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Question 1 Are oral antibiotics as efficacious as intravenous antibiotics for the treatment of community acquired pneumonia?
  1. R A Wilder
  1. Correspondence to R A Wilder, Leeds Teaching Hospitals Trust, Ward 10, Leeds General Infirmary, Leeds, LS1 3EX; rochellewilder{at}

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A 7-year-old boy presents to the accident and emergency department with cough, a high temperature and signs of respiratory distress. An x-ray shows pneumonia. Does this child require intravenous antibiotics, or would oral antibiotics be sufficient?

Structured clinical question

In a 7-year-old boy with pneumonia [patient], are oral antibiotics [intervention] as efficacious as intravenous antibiotics [comparison] for resolution of symptoms and avoidance of complications [outcome].

Search strategy

Secondary sources

A search of the Cochrane Library using the search term ‘antibiotics AND pneumonia’ revealed 20 reviews, one of which was relevant1 as it referred to two relevant trials.2 3

Primary sources

A search of MEDLINE revealed 98 articles, two of which were relevant.2 4

Of 118 papers retrieved, three were relevant (see table 1).

Table 1

Are oral antibiotics as efficacious as intravenous antibiotics for the treatment of community acquired pneumonia?


Pneumonia is an extremely common paediatric illness and around 40% of cases require hospitalisation.4 Those admitted are often initially treated with intravenous antibiotics which, however, carry the risk of pain of cannulation, extravasation, thrombophlebitis and local infection at the site of cannula insertion. If oral antibiotics were deemed to be equivalent in the management of community acquired pneumonia, patients would benefit from painless non-invasive treatment of this widespread disease.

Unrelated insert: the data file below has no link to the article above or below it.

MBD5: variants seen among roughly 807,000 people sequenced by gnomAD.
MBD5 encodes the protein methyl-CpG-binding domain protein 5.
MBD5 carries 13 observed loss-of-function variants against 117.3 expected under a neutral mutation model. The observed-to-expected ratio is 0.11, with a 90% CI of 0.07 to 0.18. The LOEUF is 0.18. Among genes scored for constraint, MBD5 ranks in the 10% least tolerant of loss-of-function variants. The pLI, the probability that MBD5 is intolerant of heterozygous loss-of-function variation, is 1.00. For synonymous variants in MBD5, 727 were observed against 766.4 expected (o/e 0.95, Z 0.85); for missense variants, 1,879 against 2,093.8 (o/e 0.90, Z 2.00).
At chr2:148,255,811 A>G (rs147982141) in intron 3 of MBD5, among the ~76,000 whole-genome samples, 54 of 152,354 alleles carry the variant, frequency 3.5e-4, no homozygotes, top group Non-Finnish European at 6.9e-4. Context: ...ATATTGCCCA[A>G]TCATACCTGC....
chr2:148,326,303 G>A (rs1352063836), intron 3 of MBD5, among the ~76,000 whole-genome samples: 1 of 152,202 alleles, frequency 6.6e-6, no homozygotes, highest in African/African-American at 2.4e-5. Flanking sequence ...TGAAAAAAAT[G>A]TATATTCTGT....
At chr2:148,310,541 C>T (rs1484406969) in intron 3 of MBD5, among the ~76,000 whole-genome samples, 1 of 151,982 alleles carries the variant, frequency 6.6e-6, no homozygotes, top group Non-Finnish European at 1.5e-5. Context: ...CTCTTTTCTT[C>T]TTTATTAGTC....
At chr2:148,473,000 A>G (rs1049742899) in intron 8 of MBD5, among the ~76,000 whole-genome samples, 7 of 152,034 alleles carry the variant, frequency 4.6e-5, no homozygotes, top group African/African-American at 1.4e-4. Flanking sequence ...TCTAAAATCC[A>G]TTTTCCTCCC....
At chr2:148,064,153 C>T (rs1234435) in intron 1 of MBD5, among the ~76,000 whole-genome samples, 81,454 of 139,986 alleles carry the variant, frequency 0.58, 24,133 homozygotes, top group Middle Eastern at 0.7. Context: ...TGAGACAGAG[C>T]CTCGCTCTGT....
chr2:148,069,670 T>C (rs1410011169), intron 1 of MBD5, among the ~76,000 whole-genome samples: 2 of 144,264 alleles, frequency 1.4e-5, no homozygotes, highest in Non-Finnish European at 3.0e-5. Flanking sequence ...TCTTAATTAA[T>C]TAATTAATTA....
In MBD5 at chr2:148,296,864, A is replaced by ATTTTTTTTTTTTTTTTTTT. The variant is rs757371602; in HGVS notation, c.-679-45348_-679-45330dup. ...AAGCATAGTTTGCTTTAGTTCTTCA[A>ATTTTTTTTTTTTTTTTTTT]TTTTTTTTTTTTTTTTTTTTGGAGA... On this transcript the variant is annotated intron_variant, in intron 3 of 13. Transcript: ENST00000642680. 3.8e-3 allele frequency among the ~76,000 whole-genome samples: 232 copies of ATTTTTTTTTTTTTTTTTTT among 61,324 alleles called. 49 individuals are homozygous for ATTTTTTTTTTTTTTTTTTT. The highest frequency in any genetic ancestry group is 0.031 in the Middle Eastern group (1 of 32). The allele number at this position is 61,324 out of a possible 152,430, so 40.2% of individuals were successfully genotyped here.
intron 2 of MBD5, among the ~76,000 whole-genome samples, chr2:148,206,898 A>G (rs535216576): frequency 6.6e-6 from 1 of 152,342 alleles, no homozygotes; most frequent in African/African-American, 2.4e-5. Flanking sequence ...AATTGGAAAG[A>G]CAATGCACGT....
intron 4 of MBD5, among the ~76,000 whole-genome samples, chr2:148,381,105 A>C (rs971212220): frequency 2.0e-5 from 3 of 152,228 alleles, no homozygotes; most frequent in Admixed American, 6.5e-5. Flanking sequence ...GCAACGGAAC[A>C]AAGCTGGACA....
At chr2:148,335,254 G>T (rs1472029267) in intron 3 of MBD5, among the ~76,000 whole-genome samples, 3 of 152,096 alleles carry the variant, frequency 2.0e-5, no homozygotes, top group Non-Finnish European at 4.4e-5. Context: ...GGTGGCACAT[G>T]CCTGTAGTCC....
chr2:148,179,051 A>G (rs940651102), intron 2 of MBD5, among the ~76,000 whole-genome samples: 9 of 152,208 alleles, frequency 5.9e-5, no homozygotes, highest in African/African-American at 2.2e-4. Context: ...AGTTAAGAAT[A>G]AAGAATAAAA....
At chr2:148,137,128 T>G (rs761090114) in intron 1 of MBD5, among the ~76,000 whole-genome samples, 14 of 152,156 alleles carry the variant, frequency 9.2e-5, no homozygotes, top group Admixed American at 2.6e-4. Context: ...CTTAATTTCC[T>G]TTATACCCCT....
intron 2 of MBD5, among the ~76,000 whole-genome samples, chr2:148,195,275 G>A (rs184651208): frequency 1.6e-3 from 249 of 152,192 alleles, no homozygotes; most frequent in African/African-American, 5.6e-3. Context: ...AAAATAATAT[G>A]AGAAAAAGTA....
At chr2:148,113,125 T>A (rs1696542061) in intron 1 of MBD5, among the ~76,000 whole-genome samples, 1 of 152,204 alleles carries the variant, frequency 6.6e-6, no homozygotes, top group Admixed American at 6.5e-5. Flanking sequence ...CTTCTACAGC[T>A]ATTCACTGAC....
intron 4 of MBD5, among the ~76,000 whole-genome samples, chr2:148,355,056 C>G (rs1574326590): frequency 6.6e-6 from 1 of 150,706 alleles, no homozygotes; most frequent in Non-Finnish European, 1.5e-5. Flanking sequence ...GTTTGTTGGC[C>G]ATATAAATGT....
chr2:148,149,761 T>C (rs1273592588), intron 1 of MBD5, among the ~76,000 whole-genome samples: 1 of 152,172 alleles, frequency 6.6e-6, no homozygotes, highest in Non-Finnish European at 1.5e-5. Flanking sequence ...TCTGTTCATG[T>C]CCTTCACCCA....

Three randomised controlled trials were relevant. Two studies undertaken in developing countries2 3 both showed that there was no significant difference in treatment failure between the two groups (oral versus intravenous antibiotics). The APPIS trial2 showed no difference in clinical deterioration and no difference in side effects between the two groups. Neither study reported time to recovery or length of hospitalisation. They both used the WHO classification of pneumonia. However, the applicability of these results should be viewed with caution when applied to children in developed countries. Confounding factors such as malnutrition and comorbidity such as HIV and tuberculosis could impact on the external validity of these results.

Clinical bottom line

  • Oral antibiotics are as efficacious as intravenous antibiotics in the treatment of community acquired pneumonia in children. (Grade B)

  • Oral antibiotics should be tried in all but the sickest children with pneumonia and observed to ensure they are tolerated and symptoms are resolving. (Grade D)

The PIVOT trial4 was a multicentre randomised trial of children admitted to both tertiary centres and district general hospitals in the UK. The authors compared oral amoxicillin and intravenous penicillin and found no difference in time taken for fever and oxygen requirement to resolve. They also found that length of hospital stay and length of oxygen requirement were reduced in the arm randomised to oral antibiotics. Complications and treatment failure were similar in both groups. In fact, empyema only occurred in three patients who were randomised to the intravenous antibiotic arm.

All three trials agree that oral antibiotics are likely to be equivalent in clinical outcomes to intravenous antibiotics in the treatment of pneumonia in children. Children will benefit from receiving painless non-invasive treatment and will have a shorter hospital stay. This may also confer an economic advantage.



  • Competing interests None.

  • Provenance and peer review Commissioned; internally peer reviewed.